A Tribute – Hommage

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Salumi and I chose Hommage because much ado and hype has surrounded this replacement for the lovely Book Bindery. My fondest memory of Hommage was our introduction to the hanger steak – a marvelous cut of meat few restaurants serve. In its place, the owners had hoped to build something more accessible, but make no mistake – this is still a foodie stomping ground. The open bar in the middle of the restaurant serving intriguing cocktails, the white of the room make the restaurant more trendy and youthful, but it is no less ambitious when it comes to food.

hommage - foie gras torchon

foie gras torchon – rich, mixed with pistachios and dabbed with pomegranate syrup, it had all the trappings a foie gras dish should, in the right proportions, though it probably could have used another slice of brioche. :)

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Driving me Locco – Local Burger

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My BFF and I had the idea to grab dinner and then buy supplies for holiday crafting. I had heard of a new burger joint in Bellevue, by the team from Local 360, so we decided to give it a try.

My friend had the peanut butter and jelly burger, which she was apprehensive about order, but ended up loving. I’m not really a PB&J kind of girl myself, so I can’t really say one way or another.  I do like the combination with foie gras occasionally, but I prefer my peanut butter and jelly as stand alones. As you know, I love my foie gras, so it’s no surprise that I ordered the Farm House burger.

local burger - farm house burger

farm house burger – juicy, great quality meat; it’s a smaller patty, maybe 8oz, topped with foie gras terrine; the foie gras flavor was faint, and felt like it was running away with the juices of the burger, which is quite delicate; the bun holds together though without getting too soggy; the French fries are on the soggier side, but I like that since the overly crispy ones tend to taste more burned when they have skins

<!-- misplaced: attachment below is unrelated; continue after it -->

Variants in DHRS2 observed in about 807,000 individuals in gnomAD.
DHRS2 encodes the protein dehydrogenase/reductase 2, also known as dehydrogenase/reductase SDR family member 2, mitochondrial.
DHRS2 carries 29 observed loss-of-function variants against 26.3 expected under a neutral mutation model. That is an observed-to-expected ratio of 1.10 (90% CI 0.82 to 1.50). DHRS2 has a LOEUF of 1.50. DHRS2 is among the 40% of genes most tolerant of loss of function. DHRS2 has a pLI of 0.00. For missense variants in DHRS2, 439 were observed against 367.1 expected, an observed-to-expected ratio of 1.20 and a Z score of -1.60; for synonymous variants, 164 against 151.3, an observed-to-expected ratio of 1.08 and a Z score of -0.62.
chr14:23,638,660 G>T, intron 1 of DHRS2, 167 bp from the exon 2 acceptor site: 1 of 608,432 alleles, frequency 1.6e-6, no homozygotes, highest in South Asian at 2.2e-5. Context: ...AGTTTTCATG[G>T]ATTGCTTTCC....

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Excited for Espresso – Starbucks Roastery

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The first Starbucks is a tourist attraction and this new bean to cup roaster is going to be their next stop. While there are quite a few other bean to cup roasteries, like Vivace, Ladro, and Stumptown, none of them turn the art of roasting beans into a spectacle. And this is exactly what the Starbucks Roastery is – grand spectacle. Like the Cirque du Soleil of coffee and worth the time spent watching and admiring.

I’ve been on roaster tours in Hawaii, but none have the copper, the library, or the wiz bang of Starbucks. Starbucks is also roasting beans on a massive scale, so their equipment is twice as large and twice as shiny for display. Of course you have to try the coffee while you’re here, along with the pastries, and to really make an event out of it, stay for Serious Pie pizza. Even if your palette isn’t sensitive enough to tell the difference between the different beans, you can still enjoy the experience here in learning about how beans are roasted and partaking in the coffee ritual.